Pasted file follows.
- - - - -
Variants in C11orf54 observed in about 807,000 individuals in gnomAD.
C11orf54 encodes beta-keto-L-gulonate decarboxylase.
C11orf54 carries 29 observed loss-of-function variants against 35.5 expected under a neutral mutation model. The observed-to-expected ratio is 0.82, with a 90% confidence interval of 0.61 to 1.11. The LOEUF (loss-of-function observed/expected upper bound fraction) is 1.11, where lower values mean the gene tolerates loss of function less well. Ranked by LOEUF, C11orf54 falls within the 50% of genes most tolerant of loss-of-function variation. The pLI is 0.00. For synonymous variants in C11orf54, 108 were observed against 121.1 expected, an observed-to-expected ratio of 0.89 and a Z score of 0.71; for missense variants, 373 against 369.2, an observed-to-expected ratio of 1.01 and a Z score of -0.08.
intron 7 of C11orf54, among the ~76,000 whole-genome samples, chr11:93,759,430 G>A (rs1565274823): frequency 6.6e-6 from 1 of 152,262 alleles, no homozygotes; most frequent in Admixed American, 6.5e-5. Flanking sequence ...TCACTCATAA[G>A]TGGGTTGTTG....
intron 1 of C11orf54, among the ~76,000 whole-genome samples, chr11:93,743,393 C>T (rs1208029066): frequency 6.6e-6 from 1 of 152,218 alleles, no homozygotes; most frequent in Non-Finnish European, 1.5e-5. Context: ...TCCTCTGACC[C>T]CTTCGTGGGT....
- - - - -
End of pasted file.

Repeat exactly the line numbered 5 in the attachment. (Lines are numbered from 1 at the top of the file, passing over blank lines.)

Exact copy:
intron 1 of C11orf54, among the ~76,000 whole-genome samples, chr11:93,743,393 C>T (rs1208029066): frequency 6.6e-6 from 1 of 152,218 alleles, no homozygotes; most frequent in Non-Finnish European, 1.5e-5. Context: ...TCCTCTGACC[C>T]CTTCGTGGGT....